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I'm imagining a square lattice with Ising spins on the vertices and nearest-neighbor Ising interactions. The interaction on a given bond is ferromagnetic with probability $(1-p)$ and antiferromagnetic with probability $p$. I'm imagining the majority of bonds to be ferromagnetic, so $p<1/2$.

That is, I have $$H = -\sum_{\langle ij \rangle} c_{ij} \sigma_i \sigma_j$$ where $c_{ij}$ are i.i.d. random variables that are $1$ with probability $(1-p)$ and $-1$ with probability $p$.

Consider the correlation function between two spins at $\vec{r}$ and $\vec{r}'$, where $\mathbb{E}$ is the disorder average and $\langle \cdot \rangle$ is the thermal average: $\mathbb{E}[\langle \sigma_{\vec{r}} \sigma_{\vec{r}'} \rangle_{\beta}]$.

Does this correlation function decrease with $p$? That is, do we have

$$ \frac{\partial}{\partial p} \mathbb{E}[\langle \sigma_{\vec{r}} \sigma_{\vec{r}'} \rangle_{\beta}] \leq 0?$$


I'm most interested when $p$ and $\beta$ are such that the model is in the ferromagnetic phase. The rough picture I have in my mind is that when one is in the ferromagnetic phase, sprinkling in antiferromagnetic bonds will weaken the correlation function and even introduce some disorder realizations where the correlation function is negative. That is, I strongly suspect that $\frac{\partial}{\partial p} \mathbb{E}[\langle \sigma_{\vec{r}} \sigma_{\vec{r}'} \rangle_{\beta}] \leq 0$ is true in the ferromagnetic phase.

I also suspect that this kind of inequality is well-known and generalizable to other kinds of ferromagnetic models (not just nearest neighbor) with some dilute antiferromagnetic couplings and other kinds of multi-body correlation functions, and I would appreciate if someone can name it for me.

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This is not a direct answer, but it may be useful.

Define, for any subset of sites $A$ $$ \sigma_A \equiv \prod_{i\in A} \sigma_i $$

For systems with only ferromagnetic couplings (ferromagnetic is defined as the couplings being positive as defined below, regardless of whether you preserve global spin-flip symmetry. For example, a magnetic field that prefers $\sigma_i = 1$ is allowed.) (note that there is no disorder averaging), $$ H = -\sum_{A} J_{A} \sigma_A ,\quad J_{A} \geq 0 $$ there are the Griffiths-Kelly-Sherman inequalities and its extension, the Ginibre inequality. One of its statements is under these conditions, $\langle \sigma_A\sigma_B\rangle -\langle \sigma_A\rangle \langle \sigma_B\rangle \geq 0 $. This is useful for us because if you consider \begin{align} \frac{\partial \langle \sigma_A \rangle}{\partial J_B} &= \frac{\partial}{\partial J_B}\Bigg(\frac{1}{\sum_{\sigma} e^{-H[\sigma]}} \sum_{\sigma}\sigma_A e^{-H[\sigma]}\Bigg) \\ &= \langle \sigma_A\sigma_B\rangle -\langle \sigma_A\rangle \langle \sigma_B\rangle \geq 0 \end{align} using the above theorem. It tells us that any correlation function is non-decreasing in any of the "ferromagnetic" couplings. In particular, if your $c_{ij}\geq 0$, you can show $$ \frac{\partial \langle \sigma_k \sigma_l \rangle}{\partial c_{ij}} \geq0 \quad \text{for all } i,j,k,l. $$ I am not sure if there are additional subtleties with spontaneous symmetry breaking, but I don't think so since this correlation function is invariant under the global symmetry.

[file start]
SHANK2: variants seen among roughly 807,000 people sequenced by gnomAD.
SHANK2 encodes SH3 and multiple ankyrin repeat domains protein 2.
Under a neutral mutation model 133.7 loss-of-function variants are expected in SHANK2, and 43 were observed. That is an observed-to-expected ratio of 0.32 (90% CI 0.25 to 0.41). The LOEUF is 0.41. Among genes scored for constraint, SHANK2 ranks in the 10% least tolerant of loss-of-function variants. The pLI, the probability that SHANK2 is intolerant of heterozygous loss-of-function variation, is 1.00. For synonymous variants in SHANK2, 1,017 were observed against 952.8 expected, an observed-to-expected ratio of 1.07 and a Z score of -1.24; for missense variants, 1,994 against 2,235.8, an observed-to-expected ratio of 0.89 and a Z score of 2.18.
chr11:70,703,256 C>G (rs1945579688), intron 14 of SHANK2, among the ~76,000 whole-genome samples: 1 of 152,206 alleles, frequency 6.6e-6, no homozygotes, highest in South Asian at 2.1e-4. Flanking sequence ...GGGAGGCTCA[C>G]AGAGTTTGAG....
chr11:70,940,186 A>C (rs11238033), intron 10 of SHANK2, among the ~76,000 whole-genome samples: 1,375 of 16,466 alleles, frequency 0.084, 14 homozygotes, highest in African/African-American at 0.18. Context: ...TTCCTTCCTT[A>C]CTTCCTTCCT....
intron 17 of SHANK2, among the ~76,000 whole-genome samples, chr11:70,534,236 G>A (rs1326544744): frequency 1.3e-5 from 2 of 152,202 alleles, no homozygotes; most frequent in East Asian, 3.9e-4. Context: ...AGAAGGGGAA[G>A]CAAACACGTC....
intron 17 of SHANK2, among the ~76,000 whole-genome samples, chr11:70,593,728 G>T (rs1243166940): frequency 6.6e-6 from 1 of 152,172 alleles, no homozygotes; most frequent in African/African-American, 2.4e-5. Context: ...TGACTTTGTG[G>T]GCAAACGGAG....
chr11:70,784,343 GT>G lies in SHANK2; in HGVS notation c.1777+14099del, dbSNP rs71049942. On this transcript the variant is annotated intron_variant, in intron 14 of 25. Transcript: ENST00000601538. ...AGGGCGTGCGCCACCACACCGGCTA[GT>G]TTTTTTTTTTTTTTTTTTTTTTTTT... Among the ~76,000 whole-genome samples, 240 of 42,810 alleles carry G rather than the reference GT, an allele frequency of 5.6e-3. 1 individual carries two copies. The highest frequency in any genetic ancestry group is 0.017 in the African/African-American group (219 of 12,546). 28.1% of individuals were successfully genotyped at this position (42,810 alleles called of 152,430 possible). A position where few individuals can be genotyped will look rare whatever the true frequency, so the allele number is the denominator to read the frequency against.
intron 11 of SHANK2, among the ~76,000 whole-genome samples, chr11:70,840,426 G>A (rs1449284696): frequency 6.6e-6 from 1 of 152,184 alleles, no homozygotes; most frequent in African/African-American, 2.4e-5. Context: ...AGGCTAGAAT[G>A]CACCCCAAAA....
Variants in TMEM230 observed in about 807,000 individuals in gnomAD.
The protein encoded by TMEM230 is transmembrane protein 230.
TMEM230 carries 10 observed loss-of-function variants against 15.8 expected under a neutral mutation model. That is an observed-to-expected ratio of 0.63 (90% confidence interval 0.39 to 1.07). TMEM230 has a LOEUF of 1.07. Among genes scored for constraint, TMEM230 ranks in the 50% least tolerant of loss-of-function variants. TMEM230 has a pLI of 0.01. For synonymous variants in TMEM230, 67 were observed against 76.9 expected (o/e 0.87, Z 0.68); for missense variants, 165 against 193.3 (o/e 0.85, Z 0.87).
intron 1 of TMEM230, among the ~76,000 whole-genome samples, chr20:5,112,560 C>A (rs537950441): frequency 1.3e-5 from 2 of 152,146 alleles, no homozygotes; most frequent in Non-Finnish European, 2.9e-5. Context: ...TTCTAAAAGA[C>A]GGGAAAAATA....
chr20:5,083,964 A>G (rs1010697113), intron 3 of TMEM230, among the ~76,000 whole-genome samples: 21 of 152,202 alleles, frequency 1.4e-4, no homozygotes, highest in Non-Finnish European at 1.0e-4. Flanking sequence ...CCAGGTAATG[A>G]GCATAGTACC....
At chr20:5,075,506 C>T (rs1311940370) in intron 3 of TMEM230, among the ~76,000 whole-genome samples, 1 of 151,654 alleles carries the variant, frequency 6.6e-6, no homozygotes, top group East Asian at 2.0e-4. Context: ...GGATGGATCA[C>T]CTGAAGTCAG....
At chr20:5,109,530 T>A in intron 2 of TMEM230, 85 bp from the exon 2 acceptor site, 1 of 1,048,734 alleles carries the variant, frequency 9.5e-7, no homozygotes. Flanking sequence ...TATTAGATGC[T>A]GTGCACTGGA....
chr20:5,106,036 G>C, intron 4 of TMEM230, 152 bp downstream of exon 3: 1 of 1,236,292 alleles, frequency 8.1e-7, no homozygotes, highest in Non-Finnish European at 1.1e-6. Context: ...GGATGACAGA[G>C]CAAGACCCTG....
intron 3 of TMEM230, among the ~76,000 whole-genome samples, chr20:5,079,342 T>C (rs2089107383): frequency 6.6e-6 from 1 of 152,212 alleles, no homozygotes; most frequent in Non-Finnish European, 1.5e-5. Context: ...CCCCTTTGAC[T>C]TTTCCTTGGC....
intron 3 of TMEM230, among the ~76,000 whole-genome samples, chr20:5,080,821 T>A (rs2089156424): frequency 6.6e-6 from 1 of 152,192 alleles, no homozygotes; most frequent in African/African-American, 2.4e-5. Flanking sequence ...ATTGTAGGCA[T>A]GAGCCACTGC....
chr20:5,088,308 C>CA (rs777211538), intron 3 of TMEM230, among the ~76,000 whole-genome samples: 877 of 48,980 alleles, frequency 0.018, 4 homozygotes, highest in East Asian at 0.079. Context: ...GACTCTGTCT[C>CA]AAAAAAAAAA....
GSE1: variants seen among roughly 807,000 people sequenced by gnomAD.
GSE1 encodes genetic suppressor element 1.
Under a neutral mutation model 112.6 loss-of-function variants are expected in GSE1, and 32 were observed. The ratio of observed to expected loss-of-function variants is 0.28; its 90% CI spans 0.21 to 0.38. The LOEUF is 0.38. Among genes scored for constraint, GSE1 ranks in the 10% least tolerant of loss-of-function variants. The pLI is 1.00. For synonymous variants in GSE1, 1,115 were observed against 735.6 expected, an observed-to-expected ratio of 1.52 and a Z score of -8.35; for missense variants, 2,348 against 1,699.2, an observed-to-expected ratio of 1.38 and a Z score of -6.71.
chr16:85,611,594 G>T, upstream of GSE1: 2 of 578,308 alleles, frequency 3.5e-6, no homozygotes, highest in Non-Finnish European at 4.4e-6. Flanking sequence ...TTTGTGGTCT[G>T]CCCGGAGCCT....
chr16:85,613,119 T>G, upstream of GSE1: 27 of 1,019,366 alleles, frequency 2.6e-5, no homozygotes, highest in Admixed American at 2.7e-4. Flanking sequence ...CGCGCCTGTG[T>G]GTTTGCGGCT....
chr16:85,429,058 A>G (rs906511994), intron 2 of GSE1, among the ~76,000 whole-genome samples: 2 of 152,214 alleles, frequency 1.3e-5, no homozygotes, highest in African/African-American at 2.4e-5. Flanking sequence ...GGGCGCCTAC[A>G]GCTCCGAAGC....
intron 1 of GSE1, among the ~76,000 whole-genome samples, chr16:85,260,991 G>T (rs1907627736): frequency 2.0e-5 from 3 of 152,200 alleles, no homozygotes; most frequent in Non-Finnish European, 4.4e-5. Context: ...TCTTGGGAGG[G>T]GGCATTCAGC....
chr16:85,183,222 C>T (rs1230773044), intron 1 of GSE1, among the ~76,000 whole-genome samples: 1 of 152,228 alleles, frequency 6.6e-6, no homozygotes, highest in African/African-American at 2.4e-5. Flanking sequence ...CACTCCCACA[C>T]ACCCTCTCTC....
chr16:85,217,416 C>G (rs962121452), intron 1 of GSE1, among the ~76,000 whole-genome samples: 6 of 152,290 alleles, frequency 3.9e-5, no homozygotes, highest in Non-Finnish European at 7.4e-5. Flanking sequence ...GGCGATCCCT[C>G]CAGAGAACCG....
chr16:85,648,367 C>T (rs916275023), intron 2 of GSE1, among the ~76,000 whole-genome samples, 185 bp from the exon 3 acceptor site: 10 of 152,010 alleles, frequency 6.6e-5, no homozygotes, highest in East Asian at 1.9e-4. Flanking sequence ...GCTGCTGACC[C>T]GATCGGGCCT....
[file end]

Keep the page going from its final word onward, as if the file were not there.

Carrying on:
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    $\begingroup$ +1 Thanks for the discussion. I agree that the GKS inequalities are useful for making rigorous the intuition about changing the strength of ferromagnetic couplings, and I've been trying to see whether I might be able to adapt them. However, since this system has both ferromagnetic and antiferromagnetic bonds, and because changing the disorder strength $p$ is only indirectly related to changing the couplings, I'm not sure whether they'll end up being useful. $\endgroup$
    – user196574
    Nov 16, 2023 at 20:48
  • $\begingroup$ I completely agree. I haven’t seen any rigorous results when you have anti ferromagnetic couplings, but I am not an expert. $\endgroup$ Nov 16, 2023 at 21:36

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